She still has yet to learn many things about her new town. She doesn’t know how to get from point A to B without the help of Google Maps. She only has a handful of spots where she frequents for food and drink and has  only just joined a gym. But Nomad is excited to do what she does best — explore the nooks and crannies of her heart and the of the people and places all around her.

Stay tuned for the next chapter in Nomad’s many adventures. This one is sure to be full of excellent people and places.

Happy New Year to you and yours. May it be full of discovery!

Love, Nomad

Advertisements
Tagged , , , , , , , ,

It will be worth it.

For the past three years I have been a shepherd, so to speak, for young international students who are leaving home (some for the first time) to come to the United States to spend a year, maybe two, living with an American host family as an au pair. My training school has ushered thousands upon thousands of students through its doors, welcoming and grounding them in preparation for their adventure ahead.

The question “what’s next?”is the common theme that bonds all of the students together, and our facility is a place where transition begins the process of transformation. At the Training School our students are on the precipice of an enormous change, perhaps one so drastic that they may not even recognize their former selves upon returning home to their countries at the end of their program.

And it is this raw energy of change that has fed my heart and soul, and which has driven me to work harder than ever before. Over the past few years I’ve come to discover that I value nothing more than pushing and expanding boundaries, stepping outside of my comfort zone and trusting that the “what’s next?” will be effortlessly handled when and as it is meant to be.

So as I prepare myself for a life transition of my own, I think it’s pertinent to reflect on some of the lessons my students and this school have taught me over the past 3 years.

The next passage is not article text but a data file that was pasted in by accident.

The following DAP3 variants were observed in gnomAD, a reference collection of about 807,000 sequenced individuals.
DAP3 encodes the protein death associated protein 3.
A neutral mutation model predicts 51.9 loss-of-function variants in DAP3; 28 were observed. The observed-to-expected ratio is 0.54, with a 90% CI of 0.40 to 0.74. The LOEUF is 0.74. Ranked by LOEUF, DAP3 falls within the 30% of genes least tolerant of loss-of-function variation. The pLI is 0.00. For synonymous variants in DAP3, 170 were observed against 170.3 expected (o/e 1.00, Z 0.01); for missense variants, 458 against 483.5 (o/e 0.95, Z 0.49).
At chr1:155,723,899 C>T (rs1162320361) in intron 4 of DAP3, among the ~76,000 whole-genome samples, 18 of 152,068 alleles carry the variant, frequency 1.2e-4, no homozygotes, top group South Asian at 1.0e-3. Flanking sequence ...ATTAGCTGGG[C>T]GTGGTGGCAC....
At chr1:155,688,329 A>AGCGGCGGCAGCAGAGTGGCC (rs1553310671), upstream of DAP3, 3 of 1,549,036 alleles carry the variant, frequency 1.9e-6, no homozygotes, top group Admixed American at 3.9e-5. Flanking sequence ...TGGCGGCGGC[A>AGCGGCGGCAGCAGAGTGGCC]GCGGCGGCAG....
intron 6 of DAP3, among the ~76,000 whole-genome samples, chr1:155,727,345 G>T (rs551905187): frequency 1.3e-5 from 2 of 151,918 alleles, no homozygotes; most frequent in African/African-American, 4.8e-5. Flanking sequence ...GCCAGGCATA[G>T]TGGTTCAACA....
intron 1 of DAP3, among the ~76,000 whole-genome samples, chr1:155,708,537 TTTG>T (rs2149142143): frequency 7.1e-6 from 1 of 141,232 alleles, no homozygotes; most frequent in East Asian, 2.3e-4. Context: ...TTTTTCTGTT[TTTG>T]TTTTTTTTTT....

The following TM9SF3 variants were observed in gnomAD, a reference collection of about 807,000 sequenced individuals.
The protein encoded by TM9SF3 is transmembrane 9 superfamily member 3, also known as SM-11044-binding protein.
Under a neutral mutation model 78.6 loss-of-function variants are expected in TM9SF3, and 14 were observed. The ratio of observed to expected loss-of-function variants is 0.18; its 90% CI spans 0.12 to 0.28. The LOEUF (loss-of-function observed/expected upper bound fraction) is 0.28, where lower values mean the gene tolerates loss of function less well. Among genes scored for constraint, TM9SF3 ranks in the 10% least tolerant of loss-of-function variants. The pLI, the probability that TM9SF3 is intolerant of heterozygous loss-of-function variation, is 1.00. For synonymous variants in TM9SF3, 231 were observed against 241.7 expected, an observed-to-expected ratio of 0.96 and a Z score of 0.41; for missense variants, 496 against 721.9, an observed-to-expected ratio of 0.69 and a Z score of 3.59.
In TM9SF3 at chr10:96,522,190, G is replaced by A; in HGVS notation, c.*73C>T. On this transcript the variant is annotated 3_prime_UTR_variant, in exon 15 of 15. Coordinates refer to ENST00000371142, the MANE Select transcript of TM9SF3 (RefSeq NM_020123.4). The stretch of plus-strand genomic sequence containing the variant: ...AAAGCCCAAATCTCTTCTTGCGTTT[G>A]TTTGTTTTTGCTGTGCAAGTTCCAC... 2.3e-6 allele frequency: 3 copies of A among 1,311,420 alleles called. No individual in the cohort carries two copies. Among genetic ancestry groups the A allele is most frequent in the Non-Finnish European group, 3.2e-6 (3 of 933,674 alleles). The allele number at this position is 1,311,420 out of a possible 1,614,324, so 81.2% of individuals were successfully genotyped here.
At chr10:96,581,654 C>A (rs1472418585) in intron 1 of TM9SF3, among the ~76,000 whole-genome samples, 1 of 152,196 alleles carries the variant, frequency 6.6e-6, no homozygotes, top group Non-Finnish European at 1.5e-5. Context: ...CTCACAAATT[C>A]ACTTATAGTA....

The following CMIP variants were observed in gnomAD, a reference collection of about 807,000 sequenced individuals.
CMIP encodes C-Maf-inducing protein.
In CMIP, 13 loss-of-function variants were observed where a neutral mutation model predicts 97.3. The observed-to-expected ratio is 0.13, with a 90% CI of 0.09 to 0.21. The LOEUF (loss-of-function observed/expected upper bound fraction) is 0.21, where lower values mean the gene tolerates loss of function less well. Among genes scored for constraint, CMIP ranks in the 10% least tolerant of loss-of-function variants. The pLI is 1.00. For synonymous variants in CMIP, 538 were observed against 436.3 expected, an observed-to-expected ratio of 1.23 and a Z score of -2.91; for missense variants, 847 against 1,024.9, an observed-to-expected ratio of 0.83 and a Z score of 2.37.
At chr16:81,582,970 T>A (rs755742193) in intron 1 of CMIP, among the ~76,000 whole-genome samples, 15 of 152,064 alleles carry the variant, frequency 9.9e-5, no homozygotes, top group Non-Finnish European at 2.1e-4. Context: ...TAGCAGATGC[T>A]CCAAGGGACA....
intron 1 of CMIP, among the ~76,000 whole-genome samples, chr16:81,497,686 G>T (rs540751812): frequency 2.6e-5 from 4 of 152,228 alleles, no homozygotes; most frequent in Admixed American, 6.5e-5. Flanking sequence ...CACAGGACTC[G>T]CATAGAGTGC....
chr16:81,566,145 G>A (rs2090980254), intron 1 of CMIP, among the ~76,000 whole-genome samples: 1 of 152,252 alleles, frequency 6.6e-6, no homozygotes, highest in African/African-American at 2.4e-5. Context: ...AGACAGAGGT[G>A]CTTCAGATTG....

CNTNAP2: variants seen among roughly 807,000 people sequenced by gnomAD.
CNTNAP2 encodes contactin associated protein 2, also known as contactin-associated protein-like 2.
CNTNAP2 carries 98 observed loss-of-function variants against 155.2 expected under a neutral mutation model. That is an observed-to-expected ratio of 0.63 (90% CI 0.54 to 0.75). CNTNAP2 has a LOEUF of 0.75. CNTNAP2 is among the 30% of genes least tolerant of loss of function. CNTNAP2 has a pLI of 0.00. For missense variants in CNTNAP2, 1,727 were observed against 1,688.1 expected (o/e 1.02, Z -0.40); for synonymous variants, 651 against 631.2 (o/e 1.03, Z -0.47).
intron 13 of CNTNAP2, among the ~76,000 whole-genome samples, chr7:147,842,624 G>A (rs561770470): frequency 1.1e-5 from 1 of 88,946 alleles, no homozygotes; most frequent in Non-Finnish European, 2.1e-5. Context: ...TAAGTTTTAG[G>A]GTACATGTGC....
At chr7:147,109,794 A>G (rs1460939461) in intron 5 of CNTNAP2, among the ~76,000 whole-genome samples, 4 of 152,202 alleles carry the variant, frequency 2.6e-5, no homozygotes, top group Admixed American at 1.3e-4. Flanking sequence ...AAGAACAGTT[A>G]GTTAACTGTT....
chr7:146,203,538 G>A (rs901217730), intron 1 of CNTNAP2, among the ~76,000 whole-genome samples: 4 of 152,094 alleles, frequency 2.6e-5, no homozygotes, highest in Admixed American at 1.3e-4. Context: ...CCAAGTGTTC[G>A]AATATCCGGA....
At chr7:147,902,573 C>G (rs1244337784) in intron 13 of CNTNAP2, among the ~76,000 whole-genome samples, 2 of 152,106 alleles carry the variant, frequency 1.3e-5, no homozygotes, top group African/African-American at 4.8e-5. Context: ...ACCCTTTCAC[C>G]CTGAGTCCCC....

1. The unknown is simultaneously terrifying and thrilling. I’m literally reminded of this one hundred times a week. When I ask an au pair how they are feeling about meeting their host family for the first time 99.99% of them will say “I’m nervous and excited all at the same time.” And well, duh! That’s because they have only the faintest idea of what their life is going to be like in a mere 48hrs. Nothing is more unsettling than not being able to plan two days in advance. The thrill of it all is the adrenaline pumping through their veins and the realization that, “well, shit, I am here and I’m doing this and soon I will walk through their door and I will figure it out.”

2. Be aware of your point of no return …and embrace the momentum.  Each week as the au pairs fly in from all around the world and arrive to the Training School in New York, I sense they are feeling that they have crossed their point of no return. And while this isn’t exactly accurate, they are autonomous beings who can exercise their free-will and return home at any point, there is some genuine truth to the statement. After all, they got on an airplane. They flew around the world. They’ve now invested both their time and their money into this adventure and turning around feels harder with all the momentum pushing them forward into the next segment of their experience.

The point of no return, however, is where most humans begin to flip out. You’ve set the wheels in motion and guess what baby — physics. An object in motion will remain in motion, so unless you’re going to quickly build a huge brick wall to smash yourself into (which I don’t recommend by the way) your only other option is to hang on for the ride. Let it take you where you are meant to go and trust that you are going to make it to the other side.

I often use the metaphor of a roller coaster to explain my emotions to people, but this situation is quite literally the most accurate time to employ this visual.